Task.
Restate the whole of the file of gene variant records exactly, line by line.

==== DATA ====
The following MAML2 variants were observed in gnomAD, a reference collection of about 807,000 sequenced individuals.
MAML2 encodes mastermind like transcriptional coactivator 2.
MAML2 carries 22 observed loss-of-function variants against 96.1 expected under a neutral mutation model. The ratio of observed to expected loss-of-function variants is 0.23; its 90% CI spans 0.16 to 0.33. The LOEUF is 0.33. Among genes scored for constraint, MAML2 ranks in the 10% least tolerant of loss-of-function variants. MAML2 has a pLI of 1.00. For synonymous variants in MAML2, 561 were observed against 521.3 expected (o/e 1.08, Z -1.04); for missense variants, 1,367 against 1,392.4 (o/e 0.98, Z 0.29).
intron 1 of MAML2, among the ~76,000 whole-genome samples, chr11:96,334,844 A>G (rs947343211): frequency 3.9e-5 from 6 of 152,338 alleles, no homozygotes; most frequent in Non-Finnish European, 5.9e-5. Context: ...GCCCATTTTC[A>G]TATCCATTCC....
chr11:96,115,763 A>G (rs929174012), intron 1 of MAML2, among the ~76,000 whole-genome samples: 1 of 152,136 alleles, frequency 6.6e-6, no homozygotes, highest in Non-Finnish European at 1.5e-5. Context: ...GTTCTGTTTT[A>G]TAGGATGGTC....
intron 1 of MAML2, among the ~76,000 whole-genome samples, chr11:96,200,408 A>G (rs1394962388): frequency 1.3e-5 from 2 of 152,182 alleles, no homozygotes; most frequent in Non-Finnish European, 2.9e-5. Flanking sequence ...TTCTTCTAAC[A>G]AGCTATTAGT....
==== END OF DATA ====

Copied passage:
The following MAML2 variants were observed in gnomAD, a reference collection of about 807,000 sequenced individuals.
MAML2 encodes mastermind like transcriptional coactivator 2.
MAML2 carries 22 observed loss-of-function variants against 96.1 expected under a neutral mutation model. The ratio of observed to expected loss-of-function variants is 0.23; its 90% CI spans 0.16 to 0.33. The LOEUF is 0.33. Among genes scored for constraint, MAML2 ranks in the 10% least tolerant of loss-of-function variants. MAML2 has a pLI of 1.00. For synonymous variants in MAML2, 561 were observed against 521.3 expected (o/e 1.08, Z -1.04); for missense variants, 1,367 against 1,392.4 (o/e 0.98, Z 0.29).
intron 1 of MAML2, among the ~76,000 whole-genome samples, chr11:96,334,844 A>G (rs947343211): frequency 3.9e-5 from 6 of 152,338 alleles, no homozygotes; most frequent in Non-Finnish European, 5.9e-5. Context: ...GCCCATTTTC[A>G]TATCCATTCC....
chr11:96,115,763 A>G (rs929174012), intron 1 of MAML2, among the ~76,000 whole-genome samples: 1 of 152,136 alleles, frequency 6.6e-6, no homozygotes, highest in Non-Finnish European at 1.5e-5. Context: ...GTTCTGTTTT[A>G]TAGGATGGTC....
intron 1 of MAML2, among the ~76,000 whole-genome samples, chr11:96,200,408 A>G (rs1394962388): frequency 1.3e-5 from 2 of 152,182 alleles, no homozygotes; most frequent in Non-Finnish European, 2.9e-5. Flanking sequence ...TTCTTCTAAC[A>G]AGCTATTAGT....